Nikolay Storonsky, Founder and CEO of Revolut, on stage at the Web Summit 2019 technology conference in Lisbon, Portugal.
Harry Murphy | Sportsfile for Web Summit via Getty Images
LONDON – UK fintech firm Revolut said Thursday it raised $ 800 million in a new round of funding led by SoftBank and Tiger Global.
Revolut, which offers banking and trading services through an app, is now valued at $ 33 billion after its last round, a six-fold increase from last year’s value of $ 5.5 billion.
The latest round of financing makes Revolut the second largest fintech unicorn – a private start-up valued at over $ 1 billion – in Europe behind the buy-now-pay-later giant Klarna, according to CB Insights. It’s also now the UK’s largest fintech, outperforming payment company Checkout.com.
The fresh cash comes from Vision Fund 2 of the Japanese conglomerate SoftBank and the US hedge fund Tiger Global, which together hold less than 5% in the company.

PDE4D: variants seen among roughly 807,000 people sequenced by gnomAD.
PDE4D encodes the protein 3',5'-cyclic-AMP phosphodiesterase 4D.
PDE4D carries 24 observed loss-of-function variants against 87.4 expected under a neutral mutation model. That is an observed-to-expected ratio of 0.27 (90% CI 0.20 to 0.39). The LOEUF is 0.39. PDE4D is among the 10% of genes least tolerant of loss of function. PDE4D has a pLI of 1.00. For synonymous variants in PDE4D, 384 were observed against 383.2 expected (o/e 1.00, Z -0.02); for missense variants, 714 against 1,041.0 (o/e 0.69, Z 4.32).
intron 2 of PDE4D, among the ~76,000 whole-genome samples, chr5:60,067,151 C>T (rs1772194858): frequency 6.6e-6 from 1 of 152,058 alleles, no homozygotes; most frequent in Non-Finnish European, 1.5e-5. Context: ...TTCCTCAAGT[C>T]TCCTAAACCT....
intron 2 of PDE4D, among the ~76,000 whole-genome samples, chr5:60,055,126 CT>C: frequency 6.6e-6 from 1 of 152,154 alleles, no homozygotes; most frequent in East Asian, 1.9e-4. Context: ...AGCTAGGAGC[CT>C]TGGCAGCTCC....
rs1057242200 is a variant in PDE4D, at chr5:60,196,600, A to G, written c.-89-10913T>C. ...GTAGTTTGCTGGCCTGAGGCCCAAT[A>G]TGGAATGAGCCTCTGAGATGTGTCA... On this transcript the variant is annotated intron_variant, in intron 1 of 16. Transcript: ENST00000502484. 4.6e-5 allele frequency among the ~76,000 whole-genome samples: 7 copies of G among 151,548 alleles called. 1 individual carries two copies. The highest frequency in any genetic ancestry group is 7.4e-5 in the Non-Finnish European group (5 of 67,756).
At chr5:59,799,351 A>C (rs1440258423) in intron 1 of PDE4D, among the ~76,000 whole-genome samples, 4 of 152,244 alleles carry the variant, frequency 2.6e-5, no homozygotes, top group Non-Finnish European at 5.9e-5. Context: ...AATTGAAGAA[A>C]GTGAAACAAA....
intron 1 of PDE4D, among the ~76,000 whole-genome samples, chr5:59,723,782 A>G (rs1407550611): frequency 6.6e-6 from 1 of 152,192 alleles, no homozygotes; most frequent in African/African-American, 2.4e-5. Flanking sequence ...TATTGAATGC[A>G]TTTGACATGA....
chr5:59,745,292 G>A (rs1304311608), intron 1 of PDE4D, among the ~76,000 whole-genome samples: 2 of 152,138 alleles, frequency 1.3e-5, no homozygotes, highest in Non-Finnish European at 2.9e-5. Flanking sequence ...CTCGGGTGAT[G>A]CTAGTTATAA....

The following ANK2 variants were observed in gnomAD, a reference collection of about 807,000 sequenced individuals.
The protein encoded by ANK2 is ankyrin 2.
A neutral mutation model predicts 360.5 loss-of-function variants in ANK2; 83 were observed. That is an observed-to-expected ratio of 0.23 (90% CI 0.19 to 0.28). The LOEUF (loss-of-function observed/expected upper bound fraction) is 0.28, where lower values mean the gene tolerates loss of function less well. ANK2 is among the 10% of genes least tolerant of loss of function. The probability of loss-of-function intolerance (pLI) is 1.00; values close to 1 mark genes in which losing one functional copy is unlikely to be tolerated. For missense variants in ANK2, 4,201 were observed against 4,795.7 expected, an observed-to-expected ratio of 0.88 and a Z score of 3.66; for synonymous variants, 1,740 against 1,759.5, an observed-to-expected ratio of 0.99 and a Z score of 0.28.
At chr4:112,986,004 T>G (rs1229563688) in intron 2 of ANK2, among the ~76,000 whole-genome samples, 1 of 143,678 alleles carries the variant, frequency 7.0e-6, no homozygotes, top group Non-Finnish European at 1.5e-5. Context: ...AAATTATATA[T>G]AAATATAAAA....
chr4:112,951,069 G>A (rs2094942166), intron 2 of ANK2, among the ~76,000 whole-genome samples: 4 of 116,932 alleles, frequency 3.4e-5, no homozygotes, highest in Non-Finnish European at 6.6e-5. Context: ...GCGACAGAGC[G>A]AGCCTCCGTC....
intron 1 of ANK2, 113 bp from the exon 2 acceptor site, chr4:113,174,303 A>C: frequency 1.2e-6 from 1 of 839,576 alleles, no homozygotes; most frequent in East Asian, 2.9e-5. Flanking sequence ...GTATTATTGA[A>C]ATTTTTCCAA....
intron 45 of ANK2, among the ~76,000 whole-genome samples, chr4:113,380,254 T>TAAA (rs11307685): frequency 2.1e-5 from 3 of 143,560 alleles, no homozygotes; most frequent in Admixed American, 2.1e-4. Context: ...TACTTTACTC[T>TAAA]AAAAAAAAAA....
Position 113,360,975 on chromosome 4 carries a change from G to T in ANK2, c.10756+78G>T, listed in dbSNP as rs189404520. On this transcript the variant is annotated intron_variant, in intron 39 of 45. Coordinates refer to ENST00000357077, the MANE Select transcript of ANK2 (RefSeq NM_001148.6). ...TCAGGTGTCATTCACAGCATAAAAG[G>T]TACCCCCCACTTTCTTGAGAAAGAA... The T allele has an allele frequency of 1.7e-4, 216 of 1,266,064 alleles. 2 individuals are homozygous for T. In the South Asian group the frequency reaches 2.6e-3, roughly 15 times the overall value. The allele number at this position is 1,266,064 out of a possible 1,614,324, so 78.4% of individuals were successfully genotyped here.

Revolut will use the money to invest in marketing, product development and international expansion, Revolut’s chief financial officer Mikko Salovaara told reporters on Thursday. The company has a strong focus on driving growth in the United States and India, he added.
Fintech startups have been on a funding frenzy lately, raising a record $ 33.7 billion in the second quarter of 2021, according to CB Insights. In Europe, companies like the German Trade Republic and the Dutch Mollie have raised hundreds of millions of dollars from investors.
Salovaara said Revolut has no immediate IPO plans as it has just raised a significant amount of funding. He didn’t rule out an IPO this year, but thought it was unlikely. Last week, money transfer giant Wise went public on London’s largest tech listing by market cap.
Revolut reported annual losses of £ 167.8 million ($ 231.9 million) in 2020, more than the £ 106.7 million the company lost the previous year.
Last year the fintech had sales of £ 222.1 million. That means Revolut’s new market value is more than 100 times the 2020 sales.
Revolut managed to break even in the second half of 2020 and was “heavily profitable” in the first quarter of that year, Salovaara said.
The company is looking to expand into new services like crypto, stock trading and business accounts for long-term profitability, CEO and co-founder Nik Storonsky said in a recent interview with CNBC.